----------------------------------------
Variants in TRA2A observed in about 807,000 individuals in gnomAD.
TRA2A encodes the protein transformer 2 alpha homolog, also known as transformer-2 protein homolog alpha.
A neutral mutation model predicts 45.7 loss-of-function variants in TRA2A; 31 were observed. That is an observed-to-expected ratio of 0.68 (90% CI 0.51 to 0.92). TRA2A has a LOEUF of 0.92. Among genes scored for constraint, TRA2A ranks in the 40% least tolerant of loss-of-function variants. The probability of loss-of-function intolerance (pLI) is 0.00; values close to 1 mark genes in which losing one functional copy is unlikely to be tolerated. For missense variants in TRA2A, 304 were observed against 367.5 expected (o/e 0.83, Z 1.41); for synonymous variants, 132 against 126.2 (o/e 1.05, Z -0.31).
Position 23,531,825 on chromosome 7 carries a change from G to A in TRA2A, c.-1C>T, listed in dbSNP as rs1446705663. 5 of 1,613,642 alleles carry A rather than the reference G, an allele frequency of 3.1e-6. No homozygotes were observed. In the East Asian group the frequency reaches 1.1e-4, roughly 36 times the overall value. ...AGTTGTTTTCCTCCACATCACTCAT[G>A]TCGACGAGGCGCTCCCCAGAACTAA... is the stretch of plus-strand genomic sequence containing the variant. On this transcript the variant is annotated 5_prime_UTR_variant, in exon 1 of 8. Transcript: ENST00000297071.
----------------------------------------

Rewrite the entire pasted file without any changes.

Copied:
Variants in TRA2A observed in about 807,000 individuals in gnomAD.
TRA2A encodes the protein transformer 2 alpha homolog, also known as transformer-2 protein homolog alpha.
A neutral mutation model predicts 45.7 loss-of-function variants in TRA2A; 31 were observed. That is an observed-to-expected ratio of 0.68 (90% CI 0.51 to 0.92). TRA2A has a LOEUF of 0.92. Among genes scored for constraint, TRA2A ranks in the 40% least tolerant of loss-of-function variants. The probability of loss-of-function intolerance (pLI) is 0.00; values close to 1 mark genes in which losing one functional copy is unlikely to be tolerated. For missense variants in TRA2A, 304 were observed against 367.5 expected (o/e 0.83, Z 1.41); for synonymous variants, 132 against 126.2 (o/e 1.05, Z -0.31).
Position 23,531,825 on chromosome 7 carries a change from G to A in TRA2A, c.-1C>T, listed in dbSNP as rs1446705663. 5 of 1,613,642 alleles carry A rather than the reference G, an allele frequency of 3.1e-6. No homozygotes were observed. In the East Asian group the frequency reaches 1.1e-4, roughly 36 times the overall value. ...AGTTGTTTTCCTCCACATCACTCAT[G>A]TCGACGAGGCGCTCCCCAGAACTAA... is the stretch of plus-strand genomic sequence containing the variant. On this transcript the variant is annotated 5_prime_UTR_variant, in exon 1 of 8. Transcript: ENST00000297071.